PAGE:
Much as I love the 262 and wonder about its frontline effectiveness, I don; think that it would have had a significant effect on the war, but it is stilla beauty to look at and a wonder of engineering.
I don't think we are missing the point at all, as I recall (and these are rough numbers) in the 4 months of 1945 they produced about 1400 ME-262s but due to fuel restrictions and the number of trained personnel only 80 of them were serviceable at any one time.

Now had the ME-262 been available in numbers when it was first ready for mass production ie 1943 it would have made a significant impact on the air war however much like everything else going on at the time political interference held up production until it was far too late.
February 24th, 2009  
Partisan
 
 
Valid, for all the reasons stated, plus 1 - lack of suitable launch areas for the 262.

I checked up on my limited reources & then wikipedia, they seem to agree that (lifted straight from Wikipedia):

The 003 engines, which were proving unreliable, were replaced by the newly available Junkers Jumo 004. Test flights continued over the next year, but the engines continued to be unreliable. Airframe modifications were complete by 1942, but hampered by the lack of engines, serial production did not begin until 1944. This delay in engine availability was in part due to the shortage of strategic materials, especially metals and alloys able to handle the extreme temperatures produced by the jet engine. Even when the engines were completed, they had an expected operational lifetime of approximately 50 hours; in fact, most 004s lasted just 12 hours.

Whilst not disputing the numbersof 262 produced, not their effect, tactics were quickly developed to counter the 262.

I come back to my original point, had production started earlier, with the consequent strain on engines and thus skilled manpower, materiel and other logisitic support what would have given way? The German war machine was at full throttle, the Allied air forces concentrating on defeating the German industrial capability. Yes the air war would've been in the balance, but then the ground war might have seen some other gains.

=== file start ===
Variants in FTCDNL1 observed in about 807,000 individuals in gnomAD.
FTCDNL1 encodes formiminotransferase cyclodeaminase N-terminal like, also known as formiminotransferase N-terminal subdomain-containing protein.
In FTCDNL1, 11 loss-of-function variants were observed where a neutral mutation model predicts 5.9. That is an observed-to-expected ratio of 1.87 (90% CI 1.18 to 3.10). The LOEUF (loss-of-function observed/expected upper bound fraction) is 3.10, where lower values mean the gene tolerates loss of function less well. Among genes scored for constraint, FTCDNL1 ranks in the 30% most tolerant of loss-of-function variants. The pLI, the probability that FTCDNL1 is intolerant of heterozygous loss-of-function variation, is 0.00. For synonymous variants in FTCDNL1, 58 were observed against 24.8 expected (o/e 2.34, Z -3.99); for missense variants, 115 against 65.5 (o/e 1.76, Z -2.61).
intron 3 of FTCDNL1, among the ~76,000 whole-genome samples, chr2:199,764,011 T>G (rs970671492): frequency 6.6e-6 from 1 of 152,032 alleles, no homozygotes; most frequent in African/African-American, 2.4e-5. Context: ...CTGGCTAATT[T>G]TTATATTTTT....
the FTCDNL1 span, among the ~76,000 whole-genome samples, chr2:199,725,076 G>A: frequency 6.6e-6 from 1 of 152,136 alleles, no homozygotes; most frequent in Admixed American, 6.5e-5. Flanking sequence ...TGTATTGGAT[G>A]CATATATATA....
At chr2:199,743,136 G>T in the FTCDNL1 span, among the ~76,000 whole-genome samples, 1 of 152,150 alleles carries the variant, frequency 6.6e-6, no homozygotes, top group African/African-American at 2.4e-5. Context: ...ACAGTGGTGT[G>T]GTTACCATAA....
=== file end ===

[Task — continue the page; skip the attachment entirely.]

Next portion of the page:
February 24th, 2009  
MontyB
 
 
But you are over looking a couple of points, in 1943:
1) Germany was still in control of the Ploesti oil fields thus fuel shortages were less accute.
2) The Luftwaffe still had an effective pilot training program.
3) D-Day was still in the planning stages and without air superiority it probably would not have gone ahead when it did hell had the ME-262 been available in numbers mid to late 1943 the Salerno may well have been delayed as well.

The Allies understood the having total air superiority was the only way these invasions were going to succeed, on top of this the Luftwaffe would have had time and secure airfields to train and equip squadrons properly as well as work out several of the bugs before the Allies got a competing jet into the air.

I don't believe the ME-262 would have changed the outcome of the war but I do believe it could have extended it into 1946.
February 24th, 2009  
perseus
 
 
Regarding suitable escort aircraft, I cannot imagine the Meteor would have suitable range. Propellor aircraft seem to hit a barrier around 500mph whatever fuel you use due to compressibility effects, and it must be very fuel intensive to push an aircraft to this speed, especially over Germany without a base on the continent. It would have posed a problem for daylight raids and bombing the oilfields in particular.

Once a forward base had been established I suppose conventional fighter aircraft could hover over the airfields waiting of the 262s taking off as they did later in the war.
February 24th, 2009  
redcoat
 
 
Quote:
Originally Posted by Monty
Now had the ME-262 been available in numbers when it was first ready for mass production in 1943 it would have made a significant impact on the air war however much like everything else going on at the time political interference held up production until it was far too late.
If they had been mass produced in 1943 they would have sat around Luftwaffe airfields until the problems with the Jumo 004 had been rectified enough to allow at least some operational use.

While Hitlers bomber order did cause some delay in the mass production of the airframes, it mattered little in the timing of operational debut of the Me 262

http://www.vectorsite.net/avme262.html